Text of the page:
House Subcommittee Looks To Open Competition To Build Fourth Aegis Destroyer

The House Defense Appropriations Subcommittee recently added language to the FY 1989 defense appropriations bill which would order the Navy to open the competition to build a fourth Aegis guided missile destroyer to all qualified U.S. shipyards.

This, however, is based on whether or not the Navy will be able to come up with the funding to build a fourth Aegis destroyer. The Senate recently amended the FY 1989 defense authorization bill to authorize the Navy to purchase a fourth DDG-51 Arleigh Burke Class destroyer, without appropriating additional funding for the ship. The Navy was authorized by the Senate to use as much as $730 million of funds appropriated from previous years that remained available in order to build the fourth ship. The Navy had requested to build only three DDG-51s in FY 1989.

Last year, similar circumstances arose when the Senate authorized the Navy to build five CG-47 Ticonderoga Class guided missile cruisers, and only appropriated funds for four. The Navy, however, was able to come up witb the funding. Like last year, industry analysts expect the Navy to find the funding to build the fourth destroyer.

Opening up the competition for the proposed fourth ship offers a glimmer of hope to Avondale Shipyards, New Orleans, La., which has been seeking to build the 466-foot ships. At present, only Bath Iron Works, Bath, Maine, which is the lead yard for the class, and Ingalls Shipbuilding Division of Litton Industries, Pascagoula, Miss., are constructing the ships. Bath is building the Arleigh Burke (DDG-51) and the John Paul Jones (DDG-53), while Ingalls is building the John Barry (DDG-52).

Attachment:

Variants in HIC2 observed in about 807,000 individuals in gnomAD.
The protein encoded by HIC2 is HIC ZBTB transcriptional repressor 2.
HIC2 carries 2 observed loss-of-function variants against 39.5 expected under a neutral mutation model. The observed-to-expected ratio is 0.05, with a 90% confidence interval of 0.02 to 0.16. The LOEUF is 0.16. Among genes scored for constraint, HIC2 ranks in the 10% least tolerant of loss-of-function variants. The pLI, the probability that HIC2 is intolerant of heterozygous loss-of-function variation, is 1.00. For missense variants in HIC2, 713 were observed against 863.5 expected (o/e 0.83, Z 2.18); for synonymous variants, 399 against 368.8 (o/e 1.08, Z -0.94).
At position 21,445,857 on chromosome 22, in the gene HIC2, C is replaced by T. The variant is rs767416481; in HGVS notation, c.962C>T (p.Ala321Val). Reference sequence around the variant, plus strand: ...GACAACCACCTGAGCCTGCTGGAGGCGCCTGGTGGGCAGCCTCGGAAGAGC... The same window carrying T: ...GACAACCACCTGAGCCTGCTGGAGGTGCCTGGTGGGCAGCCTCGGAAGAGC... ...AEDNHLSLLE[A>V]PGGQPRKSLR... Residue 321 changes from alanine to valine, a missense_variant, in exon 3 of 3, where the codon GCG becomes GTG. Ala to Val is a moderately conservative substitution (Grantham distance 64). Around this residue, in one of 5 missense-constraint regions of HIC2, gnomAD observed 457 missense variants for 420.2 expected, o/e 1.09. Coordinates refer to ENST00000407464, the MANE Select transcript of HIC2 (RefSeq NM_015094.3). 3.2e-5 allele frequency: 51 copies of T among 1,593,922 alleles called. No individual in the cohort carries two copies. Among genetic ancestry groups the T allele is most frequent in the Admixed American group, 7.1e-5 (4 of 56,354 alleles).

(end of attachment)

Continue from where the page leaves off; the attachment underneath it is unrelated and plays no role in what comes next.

Arleigh Burke Class (DDG-51) destroyers are expected to be the backbone of the U.S. Navy, replacing both the older Adams Class (DDG-2) and Farragut Class (DDG- 37) guided missile destroyers. With an overall length of 466 feet, beam of 59 feet and full load displacement of 8,300 tons, DDG-51s are powered by four GE LM2500 gas turbine engines to speeds in excess of 30 knots. The ships are fitted with sophisticated weaponary for long range strike, anti-surface, anti-air, and antisubmarine warfare capabilities.

In other areas, the House subcommittee only made slight changes in the Navy's shipbuilding plan.

The subcommittee cut $107 million from the administration's request for the Trident submarine building program, lowering funding from $1.23 billion to $1.12 billion to construct one Trident. The subcommittee also cut $74 million from the administration's request to build a oceanographic research vessel (AGOR).

However, the subcommittee added three more fleet oilers (TAOs) to bring the total to five ships.

Funding for this program jumped from $284.9 million to $403.9 million.

Overall, the shipbuilding budget dropped slightly, from $9.13 billion to $8.77 billion.

Maritime Reporter Magazine, page 33,  Jul 1988

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